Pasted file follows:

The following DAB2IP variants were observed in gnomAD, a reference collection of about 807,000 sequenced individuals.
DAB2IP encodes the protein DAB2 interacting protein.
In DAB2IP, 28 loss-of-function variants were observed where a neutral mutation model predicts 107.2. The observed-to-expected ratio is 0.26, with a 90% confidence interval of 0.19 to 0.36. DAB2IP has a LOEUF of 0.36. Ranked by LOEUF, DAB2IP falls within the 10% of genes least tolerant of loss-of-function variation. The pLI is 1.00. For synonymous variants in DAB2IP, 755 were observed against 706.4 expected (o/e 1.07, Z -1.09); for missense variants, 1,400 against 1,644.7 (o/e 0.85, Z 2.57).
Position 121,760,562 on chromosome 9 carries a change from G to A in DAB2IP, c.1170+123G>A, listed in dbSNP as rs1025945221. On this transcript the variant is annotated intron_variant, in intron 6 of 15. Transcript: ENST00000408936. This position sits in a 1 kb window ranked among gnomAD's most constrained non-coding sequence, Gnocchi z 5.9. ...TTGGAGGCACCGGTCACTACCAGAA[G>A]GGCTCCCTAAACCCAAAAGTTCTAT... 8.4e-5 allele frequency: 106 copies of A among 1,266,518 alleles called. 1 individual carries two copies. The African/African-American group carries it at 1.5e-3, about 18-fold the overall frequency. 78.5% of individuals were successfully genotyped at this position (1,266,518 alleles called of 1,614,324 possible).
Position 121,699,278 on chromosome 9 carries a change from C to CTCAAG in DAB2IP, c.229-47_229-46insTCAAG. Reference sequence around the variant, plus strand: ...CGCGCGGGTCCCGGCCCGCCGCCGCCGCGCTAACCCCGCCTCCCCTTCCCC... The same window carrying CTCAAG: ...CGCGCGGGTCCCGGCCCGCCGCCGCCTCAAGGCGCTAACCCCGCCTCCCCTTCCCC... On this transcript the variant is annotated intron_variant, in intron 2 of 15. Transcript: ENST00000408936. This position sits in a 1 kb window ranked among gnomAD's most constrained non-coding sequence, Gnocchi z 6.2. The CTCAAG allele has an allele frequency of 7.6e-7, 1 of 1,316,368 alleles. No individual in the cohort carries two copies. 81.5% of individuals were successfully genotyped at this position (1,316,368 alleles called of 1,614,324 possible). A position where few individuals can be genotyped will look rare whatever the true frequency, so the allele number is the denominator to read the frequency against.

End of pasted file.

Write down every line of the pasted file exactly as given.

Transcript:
The following DAB2IP variants were observed in gnomAD, a reference collection of about 807,000 sequenced individuals.
DAB2IP encodes the protein DAB2 interacting protein.
In DAB2IP, 28 loss-of-function variants were observed where a neutral mutation model predicts 107.2. The observed-to-expected ratio is 0.26, with a 90% confidence interval of 0.19 to 0.36. DAB2IP has a LOEUF of 0.36. Ranked by LOEUF, DAB2IP falls within the 10% of genes least tolerant of loss-of-function variation. The pLI is 1.00. For synonymous variants in DAB2IP, 755 were observed against 706.4 expected (o/e 1.07, Z -1.09); for missense variants, 1,400 against 1,644.7 (o/e 0.85, Z 2.57).
Position 121,760,562 on chromosome 9 carries a change from G to A in DAB2IP, c.1170+123G>A, listed in dbSNP as rs1025945221. On this transcript the variant is annotated intron_variant, in intron 6 of 15. Transcript: ENST00000408936. This position sits in a 1 kb window ranked among gnomAD's most constrained non-coding sequence, Gnocchi z 5.9. ...TTGGAGGCACCGGTCACTACCAGAA[G>A]GGCTCCCTAAACCCAAAAGTTCTAT... 8.4e-5 allele frequency: 106 copies of A among 1,266,518 alleles called. 1 individual carries two copies. The African/African-American group carries it at 1.5e-3, about 18-fold the overall frequency. 78.5% of individuals were successfully genotyped at this position (1,266,518 alleles called of 1,614,324 possible).
Position 121,699,278 on chromosome 9 carries a change from C to CTCAAG in DAB2IP, c.229-47_229-46insTCAAG. Reference sequence around the variant, plus strand: ...CGCGCGGGTCCCGGCCCGCCGCCGCCGCGCTAACCCCGCCTCCCCTTCCCC... The same window carrying CTCAAG: ...CGCGCGGGTCCCGGCCCGCCGCCGCCTCAAGGCGCTAACCCCGCCTCCCCTTCCCC... On this transcript the variant is annotated intron_variant, in intron 2 of 15. Transcript: ENST00000408936. This position sits in a 1 kb window ranked among gnomAD's most constrained non-coding sequence, Gnocchi z 6.2. The CTCAAG allele has an allele frequency of 7.6e-7, 1 of 1,316,368 alleles. No individual in the cohort carries two copies. 81.5% of individuals were successfully genotyped at this position (1,316,368 alleles called of 1,614,324 possible). A position where few individuals can be genotyped will look rare whatever the true frequency, so the allele number is the denominator to read the frequency against.